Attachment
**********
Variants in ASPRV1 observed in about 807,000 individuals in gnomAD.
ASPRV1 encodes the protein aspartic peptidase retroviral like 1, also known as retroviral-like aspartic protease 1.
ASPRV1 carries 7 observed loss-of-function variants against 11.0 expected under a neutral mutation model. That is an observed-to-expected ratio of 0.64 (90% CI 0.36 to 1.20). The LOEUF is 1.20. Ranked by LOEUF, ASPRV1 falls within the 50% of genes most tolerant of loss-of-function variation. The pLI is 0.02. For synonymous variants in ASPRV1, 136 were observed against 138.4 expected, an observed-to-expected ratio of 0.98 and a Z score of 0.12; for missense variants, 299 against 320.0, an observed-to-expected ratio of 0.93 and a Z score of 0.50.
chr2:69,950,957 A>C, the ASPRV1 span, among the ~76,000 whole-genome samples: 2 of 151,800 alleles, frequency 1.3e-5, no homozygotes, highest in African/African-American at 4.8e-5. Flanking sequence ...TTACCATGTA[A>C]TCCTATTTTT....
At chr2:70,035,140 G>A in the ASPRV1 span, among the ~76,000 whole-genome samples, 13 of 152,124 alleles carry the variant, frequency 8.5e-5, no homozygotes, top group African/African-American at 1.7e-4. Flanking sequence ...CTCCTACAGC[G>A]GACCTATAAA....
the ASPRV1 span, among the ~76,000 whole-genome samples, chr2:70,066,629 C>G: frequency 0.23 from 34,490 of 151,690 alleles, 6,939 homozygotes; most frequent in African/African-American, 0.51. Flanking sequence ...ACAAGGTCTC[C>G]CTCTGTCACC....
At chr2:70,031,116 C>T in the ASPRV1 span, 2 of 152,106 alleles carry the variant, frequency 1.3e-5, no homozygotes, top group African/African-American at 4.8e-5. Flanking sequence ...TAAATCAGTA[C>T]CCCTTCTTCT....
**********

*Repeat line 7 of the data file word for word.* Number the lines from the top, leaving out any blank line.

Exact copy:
At chr2:70,031,116 C>T in the ASPRV1 span, 2 of 152,106 alleles carry the variant, frequency 1.3e-5, no homozygotes, top group African/African-American at 4.8e-5. Flanking sequence ...TAAATCAGTA[C>T]CCCTTCTTCT....